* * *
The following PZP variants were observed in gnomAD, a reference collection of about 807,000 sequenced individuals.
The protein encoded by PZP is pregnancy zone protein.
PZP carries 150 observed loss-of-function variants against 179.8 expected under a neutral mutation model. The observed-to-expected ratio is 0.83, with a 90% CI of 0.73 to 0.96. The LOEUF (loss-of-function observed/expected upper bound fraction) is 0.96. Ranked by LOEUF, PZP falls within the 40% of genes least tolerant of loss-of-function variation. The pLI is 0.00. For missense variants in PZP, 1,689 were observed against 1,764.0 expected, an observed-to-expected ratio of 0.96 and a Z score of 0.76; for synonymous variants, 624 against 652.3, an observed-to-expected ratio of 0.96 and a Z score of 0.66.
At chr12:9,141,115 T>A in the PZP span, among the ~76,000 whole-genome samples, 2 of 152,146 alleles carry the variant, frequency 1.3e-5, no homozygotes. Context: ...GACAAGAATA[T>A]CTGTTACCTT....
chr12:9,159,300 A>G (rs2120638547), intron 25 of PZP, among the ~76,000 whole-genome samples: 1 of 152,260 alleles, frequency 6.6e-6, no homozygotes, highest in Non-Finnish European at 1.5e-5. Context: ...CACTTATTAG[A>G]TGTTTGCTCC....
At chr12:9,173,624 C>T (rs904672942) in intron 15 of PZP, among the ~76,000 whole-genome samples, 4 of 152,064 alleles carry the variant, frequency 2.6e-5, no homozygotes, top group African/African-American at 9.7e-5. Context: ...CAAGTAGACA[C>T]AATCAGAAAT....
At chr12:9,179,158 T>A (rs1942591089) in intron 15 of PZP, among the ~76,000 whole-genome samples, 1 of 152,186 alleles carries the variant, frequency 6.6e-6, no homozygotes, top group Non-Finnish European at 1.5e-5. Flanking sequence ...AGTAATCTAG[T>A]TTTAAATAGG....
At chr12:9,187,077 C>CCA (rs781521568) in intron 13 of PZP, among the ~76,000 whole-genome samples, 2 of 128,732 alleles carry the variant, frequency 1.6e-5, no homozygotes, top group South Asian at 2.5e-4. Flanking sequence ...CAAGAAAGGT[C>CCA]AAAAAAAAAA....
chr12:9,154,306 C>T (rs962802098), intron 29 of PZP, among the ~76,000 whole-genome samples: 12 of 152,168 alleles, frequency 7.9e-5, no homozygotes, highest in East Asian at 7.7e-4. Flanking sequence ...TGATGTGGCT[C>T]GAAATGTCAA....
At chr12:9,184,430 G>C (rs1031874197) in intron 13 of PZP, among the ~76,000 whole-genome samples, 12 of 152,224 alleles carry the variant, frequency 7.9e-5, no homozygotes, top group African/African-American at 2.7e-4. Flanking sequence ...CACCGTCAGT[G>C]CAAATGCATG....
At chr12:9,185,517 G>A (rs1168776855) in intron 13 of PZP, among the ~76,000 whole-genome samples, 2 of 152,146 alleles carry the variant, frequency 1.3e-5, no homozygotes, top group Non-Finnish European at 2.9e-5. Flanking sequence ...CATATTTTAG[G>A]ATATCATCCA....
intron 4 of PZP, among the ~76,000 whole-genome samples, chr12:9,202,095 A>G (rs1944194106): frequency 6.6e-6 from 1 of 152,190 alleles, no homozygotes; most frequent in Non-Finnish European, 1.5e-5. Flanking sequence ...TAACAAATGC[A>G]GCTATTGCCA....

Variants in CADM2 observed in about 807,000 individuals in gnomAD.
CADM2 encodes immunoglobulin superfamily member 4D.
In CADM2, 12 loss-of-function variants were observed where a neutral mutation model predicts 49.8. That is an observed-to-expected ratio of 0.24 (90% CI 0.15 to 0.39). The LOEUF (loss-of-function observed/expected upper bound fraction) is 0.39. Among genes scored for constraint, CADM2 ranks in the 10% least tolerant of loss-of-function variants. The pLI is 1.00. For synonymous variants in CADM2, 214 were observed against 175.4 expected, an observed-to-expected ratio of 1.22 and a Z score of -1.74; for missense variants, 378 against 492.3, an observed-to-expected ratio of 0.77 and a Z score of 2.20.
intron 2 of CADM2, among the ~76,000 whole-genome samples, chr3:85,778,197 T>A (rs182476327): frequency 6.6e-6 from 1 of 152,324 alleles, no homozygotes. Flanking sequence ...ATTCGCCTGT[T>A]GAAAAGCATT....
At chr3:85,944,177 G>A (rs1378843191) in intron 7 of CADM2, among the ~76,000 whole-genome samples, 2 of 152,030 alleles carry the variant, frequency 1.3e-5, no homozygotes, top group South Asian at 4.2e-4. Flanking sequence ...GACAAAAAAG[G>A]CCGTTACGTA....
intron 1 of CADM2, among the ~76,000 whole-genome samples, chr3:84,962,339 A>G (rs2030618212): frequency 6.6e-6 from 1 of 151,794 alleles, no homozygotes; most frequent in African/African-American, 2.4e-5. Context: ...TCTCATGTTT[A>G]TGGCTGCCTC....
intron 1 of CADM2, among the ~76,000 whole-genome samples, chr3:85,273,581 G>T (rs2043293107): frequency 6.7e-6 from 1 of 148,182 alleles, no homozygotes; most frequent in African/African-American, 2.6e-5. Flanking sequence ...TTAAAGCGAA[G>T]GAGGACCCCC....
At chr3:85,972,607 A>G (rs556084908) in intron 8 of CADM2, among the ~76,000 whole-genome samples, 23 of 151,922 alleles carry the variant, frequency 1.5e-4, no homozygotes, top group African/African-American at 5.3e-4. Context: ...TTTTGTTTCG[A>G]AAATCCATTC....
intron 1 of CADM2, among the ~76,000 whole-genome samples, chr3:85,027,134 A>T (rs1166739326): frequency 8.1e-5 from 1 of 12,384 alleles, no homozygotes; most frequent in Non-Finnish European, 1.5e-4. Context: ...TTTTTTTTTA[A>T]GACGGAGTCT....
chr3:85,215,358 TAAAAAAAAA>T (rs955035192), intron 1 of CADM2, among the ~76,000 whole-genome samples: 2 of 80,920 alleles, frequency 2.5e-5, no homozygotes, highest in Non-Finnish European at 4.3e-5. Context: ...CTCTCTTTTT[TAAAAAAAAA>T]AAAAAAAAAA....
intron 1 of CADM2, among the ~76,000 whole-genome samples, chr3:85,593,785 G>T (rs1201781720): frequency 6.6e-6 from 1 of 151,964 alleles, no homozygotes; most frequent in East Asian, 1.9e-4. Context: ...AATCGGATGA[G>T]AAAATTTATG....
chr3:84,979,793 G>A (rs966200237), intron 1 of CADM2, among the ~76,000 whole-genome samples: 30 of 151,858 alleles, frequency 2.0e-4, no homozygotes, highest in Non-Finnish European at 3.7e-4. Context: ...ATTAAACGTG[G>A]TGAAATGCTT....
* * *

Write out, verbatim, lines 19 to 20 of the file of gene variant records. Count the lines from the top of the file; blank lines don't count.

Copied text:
intron 1 of CADM2, among the ~76,000 whole-genome samples, chr3:85,273,581 G>T (rs2043293107): frequency 6.7e-6 from 1 of 148,182 alleles, no homozygotes; most frequent in African/African-American, 2.6e-5. Flanking sequence ...TTAAAGCGAA[G>T]GAGGACCCCC....
At chr3:85,972,607 A>G (rs556084908) in intron 8 of CADM2, among the ~76,000 whole-genome samples, 23 of 151,922 alleles carry the variant, frequency 1.5e-4, no homozygotes, top group African/African-American at 5.3e-4. Context: ...TTTTGTTTCG[A>G]AAATCCATTC....